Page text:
It might turn out to be the ultimate irony in our constant battle with the bulge that the best weapon against fat could be fat.
Scientists know that a type of adipose tissue called brown fat tends to burn calories rather than store them. Most adults have far more white fat than brown fat, since it’s more important to store calories for future use than to use them up. But when it comes to weight loss, the energy-burning power of brown fat could actually prove useful. And based on continuing research in mice, it appears that researchers have found some promising ways to exploit its fast-acting features
This week, in a study published in the journal Science, a group of European scientists, led by Stephan Herzig at the German Cancer Research Center in Heidelberg, report that they have discovered a way to make regular white fat act more like the calorie-hungry brown fat and melt away pounds in overweight animals.
The researchers focused on an enzyme known as cyclooxygenase-2 (COX-2), which is involved in a variety of physiologic functions, from regulating blood pressure to controlling inflammation and contracting muscles. (The class of painkillers known as COX-2 inhibitors, like Celebrex, takes advantage of COX-2’s role in inflammation by clamping down on the enzyme’s activity.) (See 10 notable new diet books.)
In mice, boosting the function of COX-2 caused the animals’ white fat to act like brown fat, and led to a 20% drop in their weight. “There has been a lot of excitement around brown fat, but … there wasn’t any clear indication that turning up brown fat would make animals lose weight,” says Chad Cowan, a professor in the Department of Stem Cell and Regenerative Biology at Harvard Medical School who studies fat cell development. “What this paper does is make a good link to something that might be clinically beneficial.”
In other words, it is the first study to show that manipulating brown fat could make animals thinner, and that gets researchers like Cowan excited about the potential role it may play in regulating weight in humans. Until recently, brown fat has been isolated only in rodents and in newborn human babies; because its primary function is to generate heat, babies need it at birth to help simulate the warmth of the womb, but as they grow and begin regulating their own body temperature, they shed their brown-fat stores. Last year, scientists identified the first evidence of a brown-fat depot in the adults, in the neck, which they hope can be activated to help burn fat.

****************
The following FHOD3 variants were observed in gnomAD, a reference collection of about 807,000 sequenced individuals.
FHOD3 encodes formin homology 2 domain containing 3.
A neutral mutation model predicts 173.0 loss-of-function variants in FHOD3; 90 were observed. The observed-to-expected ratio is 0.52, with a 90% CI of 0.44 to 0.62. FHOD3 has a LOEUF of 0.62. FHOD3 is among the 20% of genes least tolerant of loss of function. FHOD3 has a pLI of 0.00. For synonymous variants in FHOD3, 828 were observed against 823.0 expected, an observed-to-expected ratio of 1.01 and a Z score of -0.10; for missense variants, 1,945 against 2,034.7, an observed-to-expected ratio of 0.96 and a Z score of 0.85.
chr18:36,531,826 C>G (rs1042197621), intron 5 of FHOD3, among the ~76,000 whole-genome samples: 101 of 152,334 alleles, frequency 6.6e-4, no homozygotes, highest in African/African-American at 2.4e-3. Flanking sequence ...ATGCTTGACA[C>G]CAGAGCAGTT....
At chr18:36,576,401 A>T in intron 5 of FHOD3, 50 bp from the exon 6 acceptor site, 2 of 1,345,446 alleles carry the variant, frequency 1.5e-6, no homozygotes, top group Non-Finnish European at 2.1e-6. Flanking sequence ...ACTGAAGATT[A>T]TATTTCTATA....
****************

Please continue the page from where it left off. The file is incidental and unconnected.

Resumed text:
But what Herzig’s team describes is a more efficient way of accessing brown fat – by getting white fat, which is more plentiful in adults – to use up more calories. However, his group showed that it wasn’t simply an increase in COX-2 activity that triggered this transformation, and weight loss, but a boost in the enzyme’s function in the context of a colder environment.
That caveat is important because the COX-2 enzyme is present in a wide range of body tissues, and revving up its activity may lead to some serious side effects such as clotting problems, increased sensitivity to pain and even muscle abnormalities. Herzig found that manipulating the COX-2 pathway switched white fat to brown fat in the mice only when he simulated cold temperatures through metabolic tweaks – dilating small blood vessels and increasing the pumping of the heart – and made the rodents act as if they were shivering.
Based on his findings, Herzig believes that brown fat may originate from a mother cell of adipose tissue that by default tends to make white fat. But under certain conditions, such as those mimicking a cold environment, these progenitor cells can be induced to make more brown fat. (Two studies last year, including the one describing brown-fat stores in human adults, found that brown-fat cells become more active in the cold.) And while it’s not clear how much brown fat would be needed to have an effect on body weight, he suspects that it wouldn’t take much. “Based on estimates on animal models, 50 grams of brown fat might be sufficient to increase overall energy consumption in human beings by 20%,” he says. “So you would need to activate a relatively little amount of brown fat to substantially impact overall energy metabolism.”
That doesn’t mean that popping a COX-2 pill will become the next weight-loss treatment du jour. Nor does it mean that COX-2 inhibitors, which repress COX-2 activity, will necessarily lead to weight gain. So far, it appears that activating brown fat requires some very specific triggers, and these results are only the first step in teasing out what those conditions are. But, as Cowan notes, “It’s certainly exciting that there may be a way to manipulate white adipose tissue to make it something that is more metabolically active and more brown fat–like.”
When it comes to a potentially new treatment for obesity, what better strategy than to utilize something we already have in abundance?
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